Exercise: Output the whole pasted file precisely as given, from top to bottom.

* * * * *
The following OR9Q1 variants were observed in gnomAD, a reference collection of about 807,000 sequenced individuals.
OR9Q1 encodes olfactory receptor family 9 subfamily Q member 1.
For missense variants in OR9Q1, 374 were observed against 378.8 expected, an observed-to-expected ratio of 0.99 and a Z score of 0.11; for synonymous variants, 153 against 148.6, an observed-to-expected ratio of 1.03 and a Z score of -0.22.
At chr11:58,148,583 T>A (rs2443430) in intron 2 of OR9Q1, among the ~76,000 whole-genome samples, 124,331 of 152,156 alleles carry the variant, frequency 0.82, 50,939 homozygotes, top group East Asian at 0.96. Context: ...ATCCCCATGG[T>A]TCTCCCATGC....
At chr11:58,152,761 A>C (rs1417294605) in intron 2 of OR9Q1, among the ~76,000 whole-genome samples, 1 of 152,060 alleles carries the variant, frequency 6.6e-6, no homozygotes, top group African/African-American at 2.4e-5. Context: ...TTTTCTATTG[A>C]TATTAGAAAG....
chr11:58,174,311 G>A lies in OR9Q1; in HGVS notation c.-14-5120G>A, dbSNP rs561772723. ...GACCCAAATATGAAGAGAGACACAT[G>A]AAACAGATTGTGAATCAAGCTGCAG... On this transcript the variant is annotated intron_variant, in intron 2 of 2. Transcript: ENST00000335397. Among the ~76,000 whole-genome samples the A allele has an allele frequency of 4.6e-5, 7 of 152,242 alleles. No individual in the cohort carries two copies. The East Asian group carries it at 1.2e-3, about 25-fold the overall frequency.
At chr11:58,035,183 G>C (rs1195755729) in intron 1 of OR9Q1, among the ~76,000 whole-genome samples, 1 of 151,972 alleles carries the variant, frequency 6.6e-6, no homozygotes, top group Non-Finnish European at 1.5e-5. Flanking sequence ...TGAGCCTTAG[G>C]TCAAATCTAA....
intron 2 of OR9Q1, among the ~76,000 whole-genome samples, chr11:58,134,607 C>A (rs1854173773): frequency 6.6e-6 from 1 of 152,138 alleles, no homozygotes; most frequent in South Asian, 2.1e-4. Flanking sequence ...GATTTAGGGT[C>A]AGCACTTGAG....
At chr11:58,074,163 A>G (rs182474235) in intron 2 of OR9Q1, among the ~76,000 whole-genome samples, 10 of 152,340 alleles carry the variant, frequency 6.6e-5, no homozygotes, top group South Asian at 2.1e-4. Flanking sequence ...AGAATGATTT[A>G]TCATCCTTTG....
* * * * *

The following OR9Q1 variants were observed in gnomAD, a reference collection of about 807,000 sequenced individuals.
OR9Q1 encodes olfactory receptor family 9 subfamily Q member 1.
For missense variants in OR9Q1, 374 were observed against 378.8 expected, an observed-to-expected ratio of 0.99 and a Z score of 0.11; for synonymous variants, 153 against 148.6, an observed-to-expected ratio of 1.03 and a Z score of -0.22.
At chr11:58,148,583 T>A (rs2443430) in intron 2 of OR9Q1, among the ~76,000 whole-genome samples, 124,331 of 152,156 alleles carry the variant, frequency 0.82, 50,939 homozygotes, top group East Asian at 0.96. Context: ...ATCCCCATGG[T>A]TCTCCCATGC....
At chr11:58,152,761 A>C (rs1417294605) in intron 2 of OR9Q1, among the ~76,000 whole-genome samples, 1 of 152,060 alleles carries the variant, frequency 6.6e-6, no homozygotes, top group African/African-American at 2.4e-5. Context: ...TTTTCTATTG[A>C]TATTAGAAAG....
chr11:58,174,311 G>A lies in OR9Q1; in HGVS notation c.-14-5120G>A, dbSNP rs561772723. ...GACCCAAATATGAAGAGAGACACAT[G>A]AAACAGATTGTGAATCAAGCTGCAG... On this transcript the variant is annotated intron_variant, in intron 2 of 2. Transcript: ENST00000335397. Among the ~76,000 whole-genome samples the A allele has an allele frequency of 4.6e-5, 7 of 152,242 alleles. No individual in the cohort carries two copies. The East Asian group carries it at 1.2e-3, about 25-fold the overall frequency.
At chr11:58,035,183 G>C (rs1195755729) in intron 1 of OR9Q1, among the ~76,000 whole-genome samples, 1 of 151,972 alleles carries the variant, frequency 6.6e-6, no homozygotes, top group Non-Finnish European at 1.5e-5. Flanking sequence ...TGAGCCTTAG[G>C]TCAAATCTAA....
intron 2 of OR9Q1, among the ~76,000 whole-genome samples, chr11:58,134,607 C>A (rs1854173773): frequency 6.6e-6 from 1 of 152,138 alleles, no homozygotes; most frequent in South Asian, 2.1e-4. Flanking sequence ...GATTTAGGGT[C>A]AGCACTTGAG....
At chr11:58,074,163 A>G (rs182474235) in intron 2 of OR9Q1, among the ~76,000 whole-genome samples, 10 of 152,340 alleles carry the variant, frequency 6.6e-5, no homozygotes, top group South Asian at 2.1e-4. Flanking sequence ...AGAATGATTT[A>G]TCATCCTTTG....